While there are many different types of snakes found at Gauley River National Recreation Area, only two types are poisonous; the Northern Copperhead and the Timber Rattlesnake. Although these snakes are not normally aggressive, they can bite if surprised or threatened. Copperheads and rattlesnakes are an essential part of the natural ecosystem and an important component in the natural food chain. Please remember that snakes are protected at Gauley River National Recreation Area; it is illegal to harm them.
The copperhead and the rattlesnake share three characteristics that can quickly distinguish them from other non-venomous snakes.
1. Broad, flattened, arrow shaped heads with narrow necks, while the heads of non venomous snakes are long and slender.
2. The venomous snakes have elliptical shaped eyes similar to a cat's eye, while non venomous snakes eyes are round.
3. Sensory pits located near the nostrils are also unique to venomous snakes.
• Reddish brown with a series of darker hourglass or saddlebag shaped markings down backs.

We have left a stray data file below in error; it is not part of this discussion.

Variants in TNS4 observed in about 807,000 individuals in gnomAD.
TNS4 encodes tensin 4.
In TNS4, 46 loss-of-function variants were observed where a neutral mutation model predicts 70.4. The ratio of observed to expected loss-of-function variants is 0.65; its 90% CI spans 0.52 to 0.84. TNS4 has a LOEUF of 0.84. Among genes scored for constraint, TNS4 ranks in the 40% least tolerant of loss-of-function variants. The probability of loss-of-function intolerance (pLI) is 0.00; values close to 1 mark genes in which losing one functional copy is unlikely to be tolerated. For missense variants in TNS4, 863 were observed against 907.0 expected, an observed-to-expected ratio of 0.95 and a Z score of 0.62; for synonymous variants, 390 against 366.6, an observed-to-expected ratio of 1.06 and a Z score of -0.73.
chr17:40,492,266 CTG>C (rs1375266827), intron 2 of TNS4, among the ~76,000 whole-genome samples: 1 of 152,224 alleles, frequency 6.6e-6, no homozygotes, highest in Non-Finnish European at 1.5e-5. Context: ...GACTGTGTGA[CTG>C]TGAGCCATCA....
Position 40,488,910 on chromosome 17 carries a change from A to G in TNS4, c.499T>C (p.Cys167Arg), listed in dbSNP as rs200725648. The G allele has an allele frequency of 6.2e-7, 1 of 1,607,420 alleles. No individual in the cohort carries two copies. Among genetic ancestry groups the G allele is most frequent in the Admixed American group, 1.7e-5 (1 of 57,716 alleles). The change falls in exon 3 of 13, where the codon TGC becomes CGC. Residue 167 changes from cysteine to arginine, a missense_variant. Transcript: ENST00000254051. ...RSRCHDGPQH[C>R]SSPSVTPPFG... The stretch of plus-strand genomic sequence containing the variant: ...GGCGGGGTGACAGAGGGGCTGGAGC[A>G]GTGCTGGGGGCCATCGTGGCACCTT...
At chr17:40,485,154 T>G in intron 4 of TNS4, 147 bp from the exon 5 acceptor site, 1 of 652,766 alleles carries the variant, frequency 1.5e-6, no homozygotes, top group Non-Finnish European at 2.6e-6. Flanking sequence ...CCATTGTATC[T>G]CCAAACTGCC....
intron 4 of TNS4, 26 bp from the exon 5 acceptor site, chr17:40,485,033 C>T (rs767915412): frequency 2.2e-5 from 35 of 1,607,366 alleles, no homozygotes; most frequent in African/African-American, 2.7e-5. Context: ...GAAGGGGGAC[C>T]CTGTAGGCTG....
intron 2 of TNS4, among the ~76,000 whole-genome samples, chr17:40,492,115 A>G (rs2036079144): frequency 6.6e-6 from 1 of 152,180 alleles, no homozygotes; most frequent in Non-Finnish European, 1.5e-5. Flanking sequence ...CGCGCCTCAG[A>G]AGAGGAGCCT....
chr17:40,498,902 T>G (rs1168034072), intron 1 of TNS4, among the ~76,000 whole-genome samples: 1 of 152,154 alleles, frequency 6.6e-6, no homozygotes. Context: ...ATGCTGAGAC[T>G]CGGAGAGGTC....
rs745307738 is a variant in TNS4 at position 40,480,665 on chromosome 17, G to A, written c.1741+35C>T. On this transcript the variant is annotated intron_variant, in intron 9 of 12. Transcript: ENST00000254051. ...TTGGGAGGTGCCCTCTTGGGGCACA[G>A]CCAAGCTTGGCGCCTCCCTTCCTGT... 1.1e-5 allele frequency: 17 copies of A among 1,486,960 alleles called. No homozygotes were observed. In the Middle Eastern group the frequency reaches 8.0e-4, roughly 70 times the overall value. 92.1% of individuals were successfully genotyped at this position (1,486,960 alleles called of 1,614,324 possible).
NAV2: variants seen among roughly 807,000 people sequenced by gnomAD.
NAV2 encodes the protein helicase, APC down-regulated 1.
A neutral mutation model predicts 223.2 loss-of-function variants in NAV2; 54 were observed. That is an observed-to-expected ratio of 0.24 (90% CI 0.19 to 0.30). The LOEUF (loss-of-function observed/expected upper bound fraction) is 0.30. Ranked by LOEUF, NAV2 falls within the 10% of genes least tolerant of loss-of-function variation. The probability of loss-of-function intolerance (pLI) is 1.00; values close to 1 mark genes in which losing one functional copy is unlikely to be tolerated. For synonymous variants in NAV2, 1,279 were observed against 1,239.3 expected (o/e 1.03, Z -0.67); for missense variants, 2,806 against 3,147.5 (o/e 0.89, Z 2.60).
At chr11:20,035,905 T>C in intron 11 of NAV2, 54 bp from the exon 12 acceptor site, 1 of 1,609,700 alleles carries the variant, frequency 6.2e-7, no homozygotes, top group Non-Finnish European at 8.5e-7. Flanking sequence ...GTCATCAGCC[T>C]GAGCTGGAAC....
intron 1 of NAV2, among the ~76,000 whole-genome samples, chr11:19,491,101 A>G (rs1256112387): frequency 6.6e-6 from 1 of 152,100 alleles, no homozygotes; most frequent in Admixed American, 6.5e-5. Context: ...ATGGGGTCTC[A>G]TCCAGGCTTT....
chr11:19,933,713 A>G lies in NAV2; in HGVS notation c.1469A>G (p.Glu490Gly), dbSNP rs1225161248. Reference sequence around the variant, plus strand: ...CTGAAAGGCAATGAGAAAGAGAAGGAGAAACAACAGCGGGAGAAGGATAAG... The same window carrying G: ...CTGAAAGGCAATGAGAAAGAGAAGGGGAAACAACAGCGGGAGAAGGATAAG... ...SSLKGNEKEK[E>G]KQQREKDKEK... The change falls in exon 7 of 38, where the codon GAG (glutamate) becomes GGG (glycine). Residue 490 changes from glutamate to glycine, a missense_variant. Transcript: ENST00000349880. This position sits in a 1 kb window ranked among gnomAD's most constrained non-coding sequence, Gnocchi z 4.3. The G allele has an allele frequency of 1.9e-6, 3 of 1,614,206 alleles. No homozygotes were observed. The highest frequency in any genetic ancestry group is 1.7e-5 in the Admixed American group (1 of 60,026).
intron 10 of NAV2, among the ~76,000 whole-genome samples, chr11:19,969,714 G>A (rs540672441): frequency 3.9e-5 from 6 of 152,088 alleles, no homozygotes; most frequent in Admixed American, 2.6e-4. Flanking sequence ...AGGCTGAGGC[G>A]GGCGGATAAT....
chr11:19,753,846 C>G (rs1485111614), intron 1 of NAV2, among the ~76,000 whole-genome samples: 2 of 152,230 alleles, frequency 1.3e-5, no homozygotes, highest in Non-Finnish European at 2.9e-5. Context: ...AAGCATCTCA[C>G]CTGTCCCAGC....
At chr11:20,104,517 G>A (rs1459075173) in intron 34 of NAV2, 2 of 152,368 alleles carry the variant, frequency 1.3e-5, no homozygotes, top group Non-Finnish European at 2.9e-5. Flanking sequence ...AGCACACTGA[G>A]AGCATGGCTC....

• Pinkish belly
• 2 to 3 feet in length
• When agitated a copperhead may vibrate its tail rapidly in an attempt to warn off danger.
• Bright yellow to dull gray in color.
• Brown or black chevron shaped markings along its back.
• Can grow up to 6 ft in length.
• Will seldom bite unless disturbed.
How to avoid being bitten:
• Do not place your hands or feet where you can't see.
• Keep all pets on a leash.
• If you see a snake, do not provoke it or try to pick it up, just avoid it.
First Aid for a Snake Bite:
• Stay calm; don't panic.
• Look for signs of envenomation: severe burning pain at the site of the bite, swelling beginning within about five minutes of getting bit and progressing up the limb, discoloration and blood-filled blisters developing in 6 to 48 hours. In at least 25% of bites, no venom is injected.
• If there are immediate symptoms, get help immediately.
• Send someone for help; Call 911
• Try to keep the affected limb lowered below the victims heart
• Keep the victim as quiet and calm as possible; activity can increase venom absorption.
• Seek medical help even if there is no immediate reaction. All bites can cause infection and should be treated by a physician.
Did You Know?
The Allegheny woodrat, found in the Gauley and New River area, has the distinction of being designated endangered or threatened in more states than any other American rodent